Currently, it is estimated that the ocean is uptaking nearly one-third of all human-produced CO2, which is slowly lowering its overall pH.
A consequence of the excess CO2 is the effect it has on the world's oceans. The oceans are a natural carbon dioxide sponge, responsible for maintaining the balance of CO2 in the atmosphere by absorbing a measure of the gas in its water. Currently, it is estimated that the ocean is uptaking nearly one-third of all human-produced CO2, which is slowly lowering its overall pH. Put simply: the oceans are becoming acidic. That's bad news for a lot of organisms, but those that produce shells are likely to be the first and hardest hit.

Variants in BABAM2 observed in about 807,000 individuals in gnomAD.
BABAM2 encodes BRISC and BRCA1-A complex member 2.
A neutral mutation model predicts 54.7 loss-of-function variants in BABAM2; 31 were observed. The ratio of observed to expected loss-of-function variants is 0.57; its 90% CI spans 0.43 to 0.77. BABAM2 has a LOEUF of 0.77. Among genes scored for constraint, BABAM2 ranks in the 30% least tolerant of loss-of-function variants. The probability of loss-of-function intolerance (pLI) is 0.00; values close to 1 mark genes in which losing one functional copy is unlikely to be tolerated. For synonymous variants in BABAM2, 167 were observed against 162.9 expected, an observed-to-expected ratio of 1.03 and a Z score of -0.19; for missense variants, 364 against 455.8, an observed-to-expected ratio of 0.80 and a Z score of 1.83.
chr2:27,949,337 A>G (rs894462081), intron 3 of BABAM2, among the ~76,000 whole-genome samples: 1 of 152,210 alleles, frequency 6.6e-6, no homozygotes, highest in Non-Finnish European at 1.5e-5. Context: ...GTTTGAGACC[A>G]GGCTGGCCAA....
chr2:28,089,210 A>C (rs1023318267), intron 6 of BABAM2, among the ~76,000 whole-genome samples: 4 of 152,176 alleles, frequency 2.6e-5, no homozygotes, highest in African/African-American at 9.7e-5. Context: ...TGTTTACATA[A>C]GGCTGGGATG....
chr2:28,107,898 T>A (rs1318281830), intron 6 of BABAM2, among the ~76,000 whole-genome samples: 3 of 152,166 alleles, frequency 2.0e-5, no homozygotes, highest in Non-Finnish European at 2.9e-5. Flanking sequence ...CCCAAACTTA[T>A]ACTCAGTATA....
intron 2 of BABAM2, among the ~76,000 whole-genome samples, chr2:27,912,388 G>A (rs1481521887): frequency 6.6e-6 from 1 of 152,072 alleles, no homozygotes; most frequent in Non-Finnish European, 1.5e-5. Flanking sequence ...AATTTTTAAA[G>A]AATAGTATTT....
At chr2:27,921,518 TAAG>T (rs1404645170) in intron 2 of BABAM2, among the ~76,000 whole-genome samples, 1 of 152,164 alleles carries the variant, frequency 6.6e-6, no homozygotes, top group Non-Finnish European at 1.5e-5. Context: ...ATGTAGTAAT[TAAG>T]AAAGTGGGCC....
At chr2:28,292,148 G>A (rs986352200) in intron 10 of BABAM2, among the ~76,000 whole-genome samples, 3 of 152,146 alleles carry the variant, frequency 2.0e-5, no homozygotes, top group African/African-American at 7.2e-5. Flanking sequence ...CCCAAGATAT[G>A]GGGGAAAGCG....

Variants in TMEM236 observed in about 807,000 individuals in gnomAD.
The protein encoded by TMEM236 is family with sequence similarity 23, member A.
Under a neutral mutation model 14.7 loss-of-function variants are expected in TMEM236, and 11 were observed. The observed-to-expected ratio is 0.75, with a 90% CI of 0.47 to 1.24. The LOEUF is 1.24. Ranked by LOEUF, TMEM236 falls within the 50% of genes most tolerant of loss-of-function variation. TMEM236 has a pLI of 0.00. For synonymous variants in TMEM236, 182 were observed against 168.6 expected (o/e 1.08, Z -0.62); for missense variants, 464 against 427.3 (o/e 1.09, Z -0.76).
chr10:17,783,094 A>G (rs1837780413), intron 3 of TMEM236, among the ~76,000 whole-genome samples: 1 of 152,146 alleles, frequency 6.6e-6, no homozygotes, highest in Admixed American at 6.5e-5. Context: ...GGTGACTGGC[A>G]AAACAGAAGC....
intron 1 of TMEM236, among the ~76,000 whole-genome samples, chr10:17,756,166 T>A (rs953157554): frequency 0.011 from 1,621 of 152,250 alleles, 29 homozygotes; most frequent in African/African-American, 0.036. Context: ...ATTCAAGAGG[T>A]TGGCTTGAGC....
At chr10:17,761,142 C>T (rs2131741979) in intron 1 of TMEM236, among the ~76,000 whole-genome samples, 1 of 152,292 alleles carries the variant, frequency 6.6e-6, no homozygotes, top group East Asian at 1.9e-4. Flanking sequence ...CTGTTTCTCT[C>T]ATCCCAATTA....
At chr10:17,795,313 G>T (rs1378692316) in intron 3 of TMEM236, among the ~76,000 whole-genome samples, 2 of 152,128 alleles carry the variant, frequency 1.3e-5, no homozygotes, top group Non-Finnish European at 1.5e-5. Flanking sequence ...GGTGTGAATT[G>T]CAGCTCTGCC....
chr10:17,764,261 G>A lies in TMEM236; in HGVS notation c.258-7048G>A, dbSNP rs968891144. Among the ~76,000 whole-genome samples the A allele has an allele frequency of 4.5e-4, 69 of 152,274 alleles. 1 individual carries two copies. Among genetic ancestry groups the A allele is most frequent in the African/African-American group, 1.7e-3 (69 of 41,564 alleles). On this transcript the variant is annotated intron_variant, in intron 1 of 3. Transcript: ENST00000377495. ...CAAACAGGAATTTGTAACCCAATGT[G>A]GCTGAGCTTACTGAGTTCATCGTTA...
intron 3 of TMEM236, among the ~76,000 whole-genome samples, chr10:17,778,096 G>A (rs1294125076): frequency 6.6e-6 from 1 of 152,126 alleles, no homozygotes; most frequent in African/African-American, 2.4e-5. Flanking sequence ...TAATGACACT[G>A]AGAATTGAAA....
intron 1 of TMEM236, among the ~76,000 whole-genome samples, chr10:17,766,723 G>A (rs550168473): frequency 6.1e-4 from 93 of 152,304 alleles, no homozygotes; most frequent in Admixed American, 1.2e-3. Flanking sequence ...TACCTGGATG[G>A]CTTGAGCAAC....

Sea animals that make shells by and large use calcium carbonate to build them. In a healthy ocean, CaCO3 ions are present in surface waters at tremendous concentrations, a concept known as supersaturation. When the water becomes more acidic, it is less able to hold the ions and so the concentration becomes under-saturated. That means animals will have to use proportionally more energy to build their shells, which will likely mean they have little left to find food and reproduce.
We've known that the oceans are headed in this direction, but we didn't previously realize it was happening as quickly as it now appears to be, as a new paper in Science is reporting. This rapid acceleration could have devastating effects on the underwater food chain, something so complex we are at a loss to predict the potential extent completely.